Sensory experience and rest control survival of newborn neurons in adults
When it comes to the circuits that make up the olfactory system, it seems that less is more. Much like the addition and elimination of extra synapses that helps fine-tune brain circuitry, the olfactory system continues to produce and remove neurons throughout life. Yet it is not entirely clear how and why some newborn neurons are preserved while others are eliminated. Now, new research published by Cell Press in the September 8 issue of the journal Neuron reveals that both olfactory experience during feeding and a subsequent period of rest contribute to both the likelihood that a new olfactory neuron will escape elimination and be incorporated into existing circuitry.
In mice, olfactory neurons called "granule cells" are generated and incorporated into the neuronal circuitry from birth through adulthood. About half of these neurons are integrated into existing circuitry, while the other half are eliminated through a process called apoptosis. The mechanisms that underlie the selection process are not well understood, though some clues have come from studies showing that synaptic elimination associated with memory and learning depends on the sleep-wake cycle.
A research group led by senior study author Dr. Masahiro Yamaguchi from the University of Tokyo examined whether distinct behavioral periods might also impact plasticity in the olfactory system. "We were interested in determining whether the selection of adult-born granule cells in the olfactory bulb occurs continuously throughout the day or whether it occurs in association with specific behavioral states," explains Dr. Yamaguchi.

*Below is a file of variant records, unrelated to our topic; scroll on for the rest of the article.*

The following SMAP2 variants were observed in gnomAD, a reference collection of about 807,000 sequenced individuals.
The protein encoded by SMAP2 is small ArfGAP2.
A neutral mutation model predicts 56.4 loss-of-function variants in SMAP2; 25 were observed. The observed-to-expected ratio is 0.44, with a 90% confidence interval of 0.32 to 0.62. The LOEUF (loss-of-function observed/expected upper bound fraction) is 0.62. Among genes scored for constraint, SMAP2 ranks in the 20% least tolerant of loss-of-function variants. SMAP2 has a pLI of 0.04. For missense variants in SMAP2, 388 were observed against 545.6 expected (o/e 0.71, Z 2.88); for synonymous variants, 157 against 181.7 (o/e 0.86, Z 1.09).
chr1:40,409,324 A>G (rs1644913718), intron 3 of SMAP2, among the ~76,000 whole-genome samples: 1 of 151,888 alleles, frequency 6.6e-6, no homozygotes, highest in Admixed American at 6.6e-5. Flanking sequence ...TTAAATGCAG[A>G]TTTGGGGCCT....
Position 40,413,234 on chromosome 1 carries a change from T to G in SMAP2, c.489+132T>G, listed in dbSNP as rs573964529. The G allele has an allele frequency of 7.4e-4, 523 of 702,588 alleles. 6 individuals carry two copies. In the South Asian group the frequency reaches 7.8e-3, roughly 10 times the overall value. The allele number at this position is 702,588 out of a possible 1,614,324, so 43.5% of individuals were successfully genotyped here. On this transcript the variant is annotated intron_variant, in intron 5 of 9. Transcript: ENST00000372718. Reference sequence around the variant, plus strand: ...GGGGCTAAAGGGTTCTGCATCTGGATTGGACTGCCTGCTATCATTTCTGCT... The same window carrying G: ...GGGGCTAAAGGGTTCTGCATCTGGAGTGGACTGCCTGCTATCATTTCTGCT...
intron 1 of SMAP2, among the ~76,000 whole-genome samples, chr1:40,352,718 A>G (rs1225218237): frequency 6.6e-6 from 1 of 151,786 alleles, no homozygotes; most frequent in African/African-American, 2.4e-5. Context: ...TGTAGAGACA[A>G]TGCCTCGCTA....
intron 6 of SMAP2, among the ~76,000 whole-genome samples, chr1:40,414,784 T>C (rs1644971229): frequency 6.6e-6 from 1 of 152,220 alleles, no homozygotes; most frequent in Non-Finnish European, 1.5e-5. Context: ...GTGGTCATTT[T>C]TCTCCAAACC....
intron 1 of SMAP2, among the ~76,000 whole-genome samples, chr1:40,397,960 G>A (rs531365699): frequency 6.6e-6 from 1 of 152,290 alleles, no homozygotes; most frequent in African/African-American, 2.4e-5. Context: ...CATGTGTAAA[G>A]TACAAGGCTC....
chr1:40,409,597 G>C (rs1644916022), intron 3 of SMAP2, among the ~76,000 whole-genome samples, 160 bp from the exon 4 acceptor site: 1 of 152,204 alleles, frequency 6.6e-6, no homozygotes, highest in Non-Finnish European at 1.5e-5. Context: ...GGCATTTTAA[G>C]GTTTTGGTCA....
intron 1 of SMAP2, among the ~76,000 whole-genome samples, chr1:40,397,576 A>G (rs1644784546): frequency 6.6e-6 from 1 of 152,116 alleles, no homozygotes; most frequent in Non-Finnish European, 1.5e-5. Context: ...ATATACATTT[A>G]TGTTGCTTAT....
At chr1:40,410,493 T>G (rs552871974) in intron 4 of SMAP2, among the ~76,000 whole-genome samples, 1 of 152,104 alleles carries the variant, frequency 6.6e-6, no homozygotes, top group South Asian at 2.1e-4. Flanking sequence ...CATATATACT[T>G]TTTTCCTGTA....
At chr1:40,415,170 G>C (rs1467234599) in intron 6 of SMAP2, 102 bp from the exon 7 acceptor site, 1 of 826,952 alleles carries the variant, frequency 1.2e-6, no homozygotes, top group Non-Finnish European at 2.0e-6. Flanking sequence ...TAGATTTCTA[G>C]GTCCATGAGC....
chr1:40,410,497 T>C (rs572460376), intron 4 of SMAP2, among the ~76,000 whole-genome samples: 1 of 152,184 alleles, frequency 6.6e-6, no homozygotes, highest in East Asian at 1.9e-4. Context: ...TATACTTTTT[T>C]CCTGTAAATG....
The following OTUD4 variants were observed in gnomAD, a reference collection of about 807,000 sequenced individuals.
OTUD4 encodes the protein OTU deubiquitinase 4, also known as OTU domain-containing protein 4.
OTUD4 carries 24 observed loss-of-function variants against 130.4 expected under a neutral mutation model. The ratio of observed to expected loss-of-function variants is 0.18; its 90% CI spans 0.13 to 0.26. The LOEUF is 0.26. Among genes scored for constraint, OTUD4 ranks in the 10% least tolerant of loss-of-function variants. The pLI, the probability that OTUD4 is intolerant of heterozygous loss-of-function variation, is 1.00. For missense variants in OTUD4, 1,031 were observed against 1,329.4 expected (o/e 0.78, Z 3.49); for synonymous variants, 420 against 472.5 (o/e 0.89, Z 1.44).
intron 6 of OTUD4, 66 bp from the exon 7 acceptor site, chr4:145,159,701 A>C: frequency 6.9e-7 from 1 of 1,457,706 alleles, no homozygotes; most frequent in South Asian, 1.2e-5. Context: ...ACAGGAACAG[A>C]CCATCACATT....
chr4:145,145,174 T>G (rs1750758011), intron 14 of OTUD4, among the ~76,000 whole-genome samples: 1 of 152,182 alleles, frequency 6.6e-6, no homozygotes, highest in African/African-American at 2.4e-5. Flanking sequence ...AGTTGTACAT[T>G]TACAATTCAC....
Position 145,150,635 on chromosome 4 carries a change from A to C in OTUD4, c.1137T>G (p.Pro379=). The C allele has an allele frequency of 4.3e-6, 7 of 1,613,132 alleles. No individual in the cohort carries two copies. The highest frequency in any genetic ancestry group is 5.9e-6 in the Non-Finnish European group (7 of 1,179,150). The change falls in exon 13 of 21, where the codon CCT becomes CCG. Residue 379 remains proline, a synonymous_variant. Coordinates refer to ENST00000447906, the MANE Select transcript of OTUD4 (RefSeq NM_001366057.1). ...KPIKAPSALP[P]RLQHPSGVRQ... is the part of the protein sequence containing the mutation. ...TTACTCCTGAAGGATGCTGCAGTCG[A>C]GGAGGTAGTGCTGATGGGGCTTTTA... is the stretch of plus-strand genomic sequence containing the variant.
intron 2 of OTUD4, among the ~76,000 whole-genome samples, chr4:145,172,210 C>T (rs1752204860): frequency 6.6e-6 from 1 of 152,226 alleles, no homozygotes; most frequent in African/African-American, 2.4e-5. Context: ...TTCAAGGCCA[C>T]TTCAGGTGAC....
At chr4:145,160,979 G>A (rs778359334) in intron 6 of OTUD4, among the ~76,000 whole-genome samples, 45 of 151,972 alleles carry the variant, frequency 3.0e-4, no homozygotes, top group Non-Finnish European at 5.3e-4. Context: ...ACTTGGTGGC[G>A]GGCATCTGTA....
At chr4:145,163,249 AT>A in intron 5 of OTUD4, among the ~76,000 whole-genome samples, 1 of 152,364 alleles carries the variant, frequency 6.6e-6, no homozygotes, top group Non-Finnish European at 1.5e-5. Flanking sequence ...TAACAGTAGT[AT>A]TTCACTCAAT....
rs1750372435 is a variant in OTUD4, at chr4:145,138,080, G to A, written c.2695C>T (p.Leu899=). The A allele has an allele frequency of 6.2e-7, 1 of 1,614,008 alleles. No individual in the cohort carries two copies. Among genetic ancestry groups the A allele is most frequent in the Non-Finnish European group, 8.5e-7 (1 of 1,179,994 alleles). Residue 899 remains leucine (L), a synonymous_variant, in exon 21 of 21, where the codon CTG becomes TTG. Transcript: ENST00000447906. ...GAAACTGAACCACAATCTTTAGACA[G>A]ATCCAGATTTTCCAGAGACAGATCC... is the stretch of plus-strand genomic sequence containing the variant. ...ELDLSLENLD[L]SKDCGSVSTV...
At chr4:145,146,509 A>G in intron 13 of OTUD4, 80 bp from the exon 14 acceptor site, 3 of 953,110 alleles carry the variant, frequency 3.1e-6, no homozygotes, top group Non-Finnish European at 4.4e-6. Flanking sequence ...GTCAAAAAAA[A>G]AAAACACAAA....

Using a combination of behavioral analysis and a staining technique that allowed detection of apoptotic cells, Dr. Yamaguchi and colleagues observed that extensive elimination of adult-born granule cells occurred during the period immediately after the mice had eaten, a time during which the mice engaged in typical post-meal behaviors such as rest, extended grooming, and sleep. Interestingly, when these behaviors were disrupted, apoptosis was prevented. The researchers also observed that the extent of apoptosis was regulated by prior olfactory sensory experience. Sensory deprivation (occlusion of one nostril) enhanced granule cell apoptosis specifically during the time period after feeding. The authors suggest that sensory experience thus serves to "tag" key synapses and prevent them from being eliminated during subsequent sleep.
"Our results suggest that extensive structural reorganization of the circuitry in the olfactory bulb occurs during the period after feeding and that this reorganization reflects sensory experience from the preceding waking period," concludes Dr. Yamaguchi. "Complex mechanisms of experience-dependent reorganization in the olfactory bulb will likely be revealed in the framework of two sequential behavioral periods, the waking period with olfactory behavior and the rest/sleep period that follows olfactory behavior."